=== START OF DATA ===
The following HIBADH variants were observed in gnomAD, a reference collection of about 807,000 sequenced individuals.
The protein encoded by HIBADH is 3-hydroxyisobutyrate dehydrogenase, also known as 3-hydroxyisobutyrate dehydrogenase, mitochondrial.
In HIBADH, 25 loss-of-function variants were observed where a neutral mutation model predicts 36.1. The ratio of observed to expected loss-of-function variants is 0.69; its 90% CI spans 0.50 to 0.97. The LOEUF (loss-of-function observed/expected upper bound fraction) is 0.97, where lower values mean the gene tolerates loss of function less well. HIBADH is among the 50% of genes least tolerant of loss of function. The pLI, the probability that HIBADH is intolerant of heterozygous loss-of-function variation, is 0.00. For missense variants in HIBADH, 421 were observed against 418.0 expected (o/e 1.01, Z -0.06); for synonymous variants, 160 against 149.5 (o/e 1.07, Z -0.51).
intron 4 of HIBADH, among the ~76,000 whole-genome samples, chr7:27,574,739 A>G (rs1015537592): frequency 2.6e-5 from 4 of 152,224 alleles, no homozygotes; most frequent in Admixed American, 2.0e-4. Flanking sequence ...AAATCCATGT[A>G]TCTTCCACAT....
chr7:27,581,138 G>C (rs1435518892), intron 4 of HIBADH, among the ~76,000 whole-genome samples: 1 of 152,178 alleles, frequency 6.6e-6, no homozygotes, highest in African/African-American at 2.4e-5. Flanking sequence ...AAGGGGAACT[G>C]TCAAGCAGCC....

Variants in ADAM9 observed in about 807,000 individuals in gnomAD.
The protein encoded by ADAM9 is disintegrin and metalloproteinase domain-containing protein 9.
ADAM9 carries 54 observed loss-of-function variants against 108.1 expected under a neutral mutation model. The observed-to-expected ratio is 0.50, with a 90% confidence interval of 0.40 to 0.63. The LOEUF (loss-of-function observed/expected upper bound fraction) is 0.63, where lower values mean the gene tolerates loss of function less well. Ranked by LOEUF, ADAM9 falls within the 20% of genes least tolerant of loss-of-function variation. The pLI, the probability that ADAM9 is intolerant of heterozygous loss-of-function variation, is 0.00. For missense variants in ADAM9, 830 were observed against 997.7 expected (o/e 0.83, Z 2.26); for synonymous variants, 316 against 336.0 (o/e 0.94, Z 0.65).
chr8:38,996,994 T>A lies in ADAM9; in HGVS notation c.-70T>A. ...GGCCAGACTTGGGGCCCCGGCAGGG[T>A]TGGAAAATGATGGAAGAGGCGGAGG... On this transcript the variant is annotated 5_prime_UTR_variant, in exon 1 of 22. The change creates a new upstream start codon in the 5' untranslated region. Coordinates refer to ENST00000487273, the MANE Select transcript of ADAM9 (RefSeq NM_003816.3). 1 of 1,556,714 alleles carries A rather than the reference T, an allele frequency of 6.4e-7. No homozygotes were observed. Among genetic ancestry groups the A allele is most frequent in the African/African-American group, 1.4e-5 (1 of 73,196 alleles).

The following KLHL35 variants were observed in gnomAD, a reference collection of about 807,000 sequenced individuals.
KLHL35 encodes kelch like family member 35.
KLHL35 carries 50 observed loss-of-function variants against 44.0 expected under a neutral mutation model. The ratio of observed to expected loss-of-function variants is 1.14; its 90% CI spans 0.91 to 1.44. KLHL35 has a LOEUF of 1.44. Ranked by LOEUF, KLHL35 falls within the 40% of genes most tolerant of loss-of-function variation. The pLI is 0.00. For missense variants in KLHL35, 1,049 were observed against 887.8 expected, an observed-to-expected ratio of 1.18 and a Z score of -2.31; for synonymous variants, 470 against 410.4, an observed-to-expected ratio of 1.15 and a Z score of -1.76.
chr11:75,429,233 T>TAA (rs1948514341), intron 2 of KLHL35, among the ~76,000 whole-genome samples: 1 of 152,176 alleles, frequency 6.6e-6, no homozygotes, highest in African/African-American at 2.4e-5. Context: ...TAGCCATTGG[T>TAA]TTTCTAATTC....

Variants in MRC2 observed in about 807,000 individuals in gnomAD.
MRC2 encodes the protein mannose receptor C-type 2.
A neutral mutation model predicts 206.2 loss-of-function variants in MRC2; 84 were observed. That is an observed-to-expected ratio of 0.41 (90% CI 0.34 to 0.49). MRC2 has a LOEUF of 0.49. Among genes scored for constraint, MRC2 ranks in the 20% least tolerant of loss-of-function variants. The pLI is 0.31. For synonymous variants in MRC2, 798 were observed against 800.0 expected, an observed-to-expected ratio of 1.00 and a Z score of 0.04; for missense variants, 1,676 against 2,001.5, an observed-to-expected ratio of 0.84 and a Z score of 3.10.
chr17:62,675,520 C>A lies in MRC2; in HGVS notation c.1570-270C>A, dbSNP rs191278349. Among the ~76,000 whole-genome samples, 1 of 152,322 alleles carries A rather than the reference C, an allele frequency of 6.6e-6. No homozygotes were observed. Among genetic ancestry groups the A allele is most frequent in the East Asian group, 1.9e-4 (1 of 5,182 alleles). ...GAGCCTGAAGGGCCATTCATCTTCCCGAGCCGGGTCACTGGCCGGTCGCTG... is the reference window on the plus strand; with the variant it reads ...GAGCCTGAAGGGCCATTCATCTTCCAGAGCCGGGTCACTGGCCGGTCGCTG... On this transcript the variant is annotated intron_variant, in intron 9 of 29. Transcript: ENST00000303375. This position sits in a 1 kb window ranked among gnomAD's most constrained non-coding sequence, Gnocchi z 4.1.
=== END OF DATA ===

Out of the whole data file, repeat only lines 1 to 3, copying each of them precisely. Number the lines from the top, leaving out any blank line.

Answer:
The following HIBADH variants were observed in gnomAD, a reference collection of about 807,000 sequenced individuals.
The protein encoded by HIBADH is 3-hydroxyisobutyrate dehydrogenase, also known as 3-hydroxyisobutyrate dehydrogenase, mitochondrial.
In HIBADH, 25 loss-of-function variants were observed where a neutral mutation model predicts 36.1. The ratio of observed to expected loss-of-function variants is 0.69; its 90% CI spans 0.50 to 0.97. The LOEUF (loss-of-function observed/expected upper bound fraction) is 0.97, where lower values mean the gene tolerates loss of function less well. HIBADH is among the 50% of genes least tolerant of loss of function. The pLI, the probability that HIBADH is intolerant of heterozygous loss-of-function variation, is 0.00. For missense variants in HIBADH, 421 were observed against 418.0 expected (o/e 1.01, Z -0.06); for synonymous variants, 160 against 149.5 (o/e 1.07, Z -0.51).